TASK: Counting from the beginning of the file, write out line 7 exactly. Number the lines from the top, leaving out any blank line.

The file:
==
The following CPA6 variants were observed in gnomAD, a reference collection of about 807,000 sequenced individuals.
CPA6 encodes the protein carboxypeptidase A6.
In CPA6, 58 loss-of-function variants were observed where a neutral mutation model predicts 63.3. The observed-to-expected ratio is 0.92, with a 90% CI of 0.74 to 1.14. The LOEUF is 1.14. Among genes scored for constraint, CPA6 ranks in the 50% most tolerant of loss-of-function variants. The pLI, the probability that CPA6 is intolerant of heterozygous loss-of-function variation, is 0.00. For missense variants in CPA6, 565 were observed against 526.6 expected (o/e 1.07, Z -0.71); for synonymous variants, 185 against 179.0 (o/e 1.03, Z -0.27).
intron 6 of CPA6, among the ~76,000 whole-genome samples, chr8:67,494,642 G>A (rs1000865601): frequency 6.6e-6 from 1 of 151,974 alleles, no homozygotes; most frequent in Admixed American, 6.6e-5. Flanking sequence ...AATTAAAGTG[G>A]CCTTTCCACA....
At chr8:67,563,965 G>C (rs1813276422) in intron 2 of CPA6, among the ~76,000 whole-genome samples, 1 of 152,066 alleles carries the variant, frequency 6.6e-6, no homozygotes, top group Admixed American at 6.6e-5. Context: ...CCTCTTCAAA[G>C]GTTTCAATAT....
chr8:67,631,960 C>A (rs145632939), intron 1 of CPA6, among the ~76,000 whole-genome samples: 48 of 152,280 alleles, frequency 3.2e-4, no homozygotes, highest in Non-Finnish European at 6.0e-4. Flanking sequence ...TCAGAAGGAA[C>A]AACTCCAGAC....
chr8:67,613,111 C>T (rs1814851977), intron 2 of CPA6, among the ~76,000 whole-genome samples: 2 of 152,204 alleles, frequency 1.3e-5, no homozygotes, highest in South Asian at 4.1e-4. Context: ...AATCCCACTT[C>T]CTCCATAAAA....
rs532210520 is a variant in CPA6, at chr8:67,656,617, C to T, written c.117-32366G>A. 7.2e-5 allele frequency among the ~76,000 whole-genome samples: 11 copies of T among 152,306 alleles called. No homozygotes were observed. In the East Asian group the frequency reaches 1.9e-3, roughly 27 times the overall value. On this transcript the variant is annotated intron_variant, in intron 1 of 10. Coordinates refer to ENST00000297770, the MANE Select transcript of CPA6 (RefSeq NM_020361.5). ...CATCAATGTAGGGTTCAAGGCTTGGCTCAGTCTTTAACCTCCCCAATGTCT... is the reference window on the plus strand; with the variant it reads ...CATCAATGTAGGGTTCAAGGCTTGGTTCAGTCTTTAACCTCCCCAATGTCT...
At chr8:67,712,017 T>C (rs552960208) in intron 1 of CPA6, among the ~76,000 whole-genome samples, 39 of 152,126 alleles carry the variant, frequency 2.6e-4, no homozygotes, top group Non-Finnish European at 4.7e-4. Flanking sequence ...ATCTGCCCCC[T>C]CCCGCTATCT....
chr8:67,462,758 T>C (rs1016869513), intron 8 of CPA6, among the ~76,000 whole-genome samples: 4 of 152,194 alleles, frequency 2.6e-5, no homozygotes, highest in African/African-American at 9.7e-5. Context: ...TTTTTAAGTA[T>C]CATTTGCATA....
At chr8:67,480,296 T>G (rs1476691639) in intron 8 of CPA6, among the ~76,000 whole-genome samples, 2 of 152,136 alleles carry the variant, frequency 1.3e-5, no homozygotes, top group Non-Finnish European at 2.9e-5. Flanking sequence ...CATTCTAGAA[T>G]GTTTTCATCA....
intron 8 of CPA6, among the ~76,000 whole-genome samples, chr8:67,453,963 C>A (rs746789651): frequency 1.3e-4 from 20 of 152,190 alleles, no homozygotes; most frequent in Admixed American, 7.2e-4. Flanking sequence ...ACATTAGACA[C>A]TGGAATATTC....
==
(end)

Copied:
chr8:67,613,111 C>T (rs1814851977), intron 2 of CPA6, among the ~76,000 whole-genome samples: 2 of 152,204 alleles, frequency 1.3e-5, no homozygotes, highest in South Asian at 4.1e-4. Context: ...AATCCCACTT[C>T]CTCCATAAAA....